As a Mexican American, being Hispanic means everything I live, breathe and stand for. To me Hispanic means family, culture, unity, sacrifice and love. Growing up in a Mexican household, allowed me to embrace the meaning of family and welcome the core values that have been embedded in my heart and spirit. I am proud and honored to be taught how to work hard physically and mentally, to commit and lead in causes that are worth the fight, to sacrifice for others and to serve one another in love. Not only was I led by example of these things, but I had numerous opportunities to see it in Hispanic community and the church as well. As a daughter, sister, grad student and full-time employee, I have incorporated these values into my life and honored
I am from a small city that is not culturally diverse. I was used to interacting with people that were from my same Hispanic culture. When I moved to Austin, I was fascinated by the range of cultures. A different encounter that I will always remember was meeting a now close friend of mine. She is a very involved Muslim while I do not believe in any religion.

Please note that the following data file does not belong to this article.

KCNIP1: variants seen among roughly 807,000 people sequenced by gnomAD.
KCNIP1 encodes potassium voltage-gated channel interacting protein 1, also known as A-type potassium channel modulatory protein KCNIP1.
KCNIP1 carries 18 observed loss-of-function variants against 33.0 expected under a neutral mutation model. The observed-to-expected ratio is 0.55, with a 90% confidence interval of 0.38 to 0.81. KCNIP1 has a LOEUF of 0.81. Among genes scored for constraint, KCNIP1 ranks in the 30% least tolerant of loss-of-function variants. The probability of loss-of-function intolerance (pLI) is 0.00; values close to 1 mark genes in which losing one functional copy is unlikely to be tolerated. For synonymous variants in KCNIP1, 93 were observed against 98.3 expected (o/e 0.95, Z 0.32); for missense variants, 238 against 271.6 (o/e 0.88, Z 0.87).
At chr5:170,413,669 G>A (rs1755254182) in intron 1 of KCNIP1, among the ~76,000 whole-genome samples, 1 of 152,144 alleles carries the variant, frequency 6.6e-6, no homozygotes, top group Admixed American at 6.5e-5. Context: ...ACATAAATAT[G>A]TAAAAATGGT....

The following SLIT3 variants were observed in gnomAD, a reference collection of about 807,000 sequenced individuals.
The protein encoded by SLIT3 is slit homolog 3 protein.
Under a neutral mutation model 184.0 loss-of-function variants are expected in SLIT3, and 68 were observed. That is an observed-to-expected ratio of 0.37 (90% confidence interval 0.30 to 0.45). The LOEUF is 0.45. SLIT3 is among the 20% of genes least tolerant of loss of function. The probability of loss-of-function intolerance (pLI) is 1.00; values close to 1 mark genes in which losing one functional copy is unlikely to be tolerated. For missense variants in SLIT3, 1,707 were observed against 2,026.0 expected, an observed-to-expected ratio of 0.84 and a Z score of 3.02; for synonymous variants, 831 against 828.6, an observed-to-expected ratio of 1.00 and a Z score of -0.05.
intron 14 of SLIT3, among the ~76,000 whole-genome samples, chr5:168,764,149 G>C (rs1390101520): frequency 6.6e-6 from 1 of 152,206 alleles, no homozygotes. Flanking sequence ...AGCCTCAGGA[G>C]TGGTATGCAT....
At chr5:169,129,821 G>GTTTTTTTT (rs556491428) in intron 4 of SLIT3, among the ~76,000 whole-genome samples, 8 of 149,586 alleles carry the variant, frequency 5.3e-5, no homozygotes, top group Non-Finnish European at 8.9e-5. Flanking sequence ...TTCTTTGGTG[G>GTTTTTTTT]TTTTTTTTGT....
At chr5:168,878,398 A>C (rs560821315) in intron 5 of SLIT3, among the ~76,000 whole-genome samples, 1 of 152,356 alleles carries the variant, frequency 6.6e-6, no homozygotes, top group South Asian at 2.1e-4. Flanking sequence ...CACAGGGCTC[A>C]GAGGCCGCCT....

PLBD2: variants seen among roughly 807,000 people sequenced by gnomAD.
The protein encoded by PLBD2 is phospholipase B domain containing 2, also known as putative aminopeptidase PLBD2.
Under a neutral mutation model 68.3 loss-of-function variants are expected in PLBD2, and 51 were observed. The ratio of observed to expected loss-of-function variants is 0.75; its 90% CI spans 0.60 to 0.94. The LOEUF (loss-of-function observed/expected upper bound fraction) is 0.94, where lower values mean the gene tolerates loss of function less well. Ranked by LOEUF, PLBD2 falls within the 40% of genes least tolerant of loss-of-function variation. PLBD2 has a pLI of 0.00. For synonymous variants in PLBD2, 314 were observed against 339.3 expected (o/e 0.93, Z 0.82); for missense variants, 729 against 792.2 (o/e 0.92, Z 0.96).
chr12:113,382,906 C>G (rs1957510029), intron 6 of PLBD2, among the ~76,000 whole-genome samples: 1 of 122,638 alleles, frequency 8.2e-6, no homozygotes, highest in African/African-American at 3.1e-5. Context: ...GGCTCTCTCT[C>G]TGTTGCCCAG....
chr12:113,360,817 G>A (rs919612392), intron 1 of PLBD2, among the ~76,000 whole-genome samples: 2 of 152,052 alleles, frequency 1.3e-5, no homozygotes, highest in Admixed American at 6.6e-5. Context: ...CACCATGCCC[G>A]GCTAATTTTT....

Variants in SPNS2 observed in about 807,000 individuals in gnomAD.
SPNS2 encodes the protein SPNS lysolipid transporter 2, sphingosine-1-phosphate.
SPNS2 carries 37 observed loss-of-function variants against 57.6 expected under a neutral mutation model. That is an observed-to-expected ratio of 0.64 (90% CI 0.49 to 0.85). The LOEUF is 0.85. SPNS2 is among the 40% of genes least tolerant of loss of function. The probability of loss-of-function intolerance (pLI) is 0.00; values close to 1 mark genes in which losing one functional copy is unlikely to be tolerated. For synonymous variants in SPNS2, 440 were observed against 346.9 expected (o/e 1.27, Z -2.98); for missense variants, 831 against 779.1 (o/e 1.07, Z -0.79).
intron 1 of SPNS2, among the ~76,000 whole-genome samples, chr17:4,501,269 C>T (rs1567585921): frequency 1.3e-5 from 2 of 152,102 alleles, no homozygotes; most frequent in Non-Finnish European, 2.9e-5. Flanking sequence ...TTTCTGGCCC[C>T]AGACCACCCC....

Being Hispanic is really a blessing. We have very good food and our culture is very unique and fun to be a part of. Being from Mexican descent, we have a lot of rituals and traditions that are very important to us like Dia de los Muertos and Los Posadas. But, being Mexican, for me, means so much more than that. It means to be a hardworking person and to be able to do anything you put your heart, mind, and soul into.
Being Hispanic makes me feel proud. It is something that makes me what I am, remembering my Mexican roots reminds me as my ancestors fought to get what they intended. Being Hispanic is not easy for all the prejudices that has this society. We havebeing judget as thieves, rapists, and much more. As in all societies there are people who make mistakes during his life and choose wrong paths but that is no reason to generalize to all those who belong to that social group.
During my two interviews my with my two people of the Hispanic culture I came to find they were both had a good level of health literacy from a quick glance. It’s interesting I came to this conclusion fast after asking them each their questions, because I barely know these two on a personal level. Raul I met last year at comicpalooza, where we bonded over love over television and movies and came in contact since, mostly having conversations about show/movies; but never had conversations on anything like this level. Francis I met over swim class this fall at UH recreation center, so I came to the conclusion to pick two people I didn’t really know to ask these questions for this paper.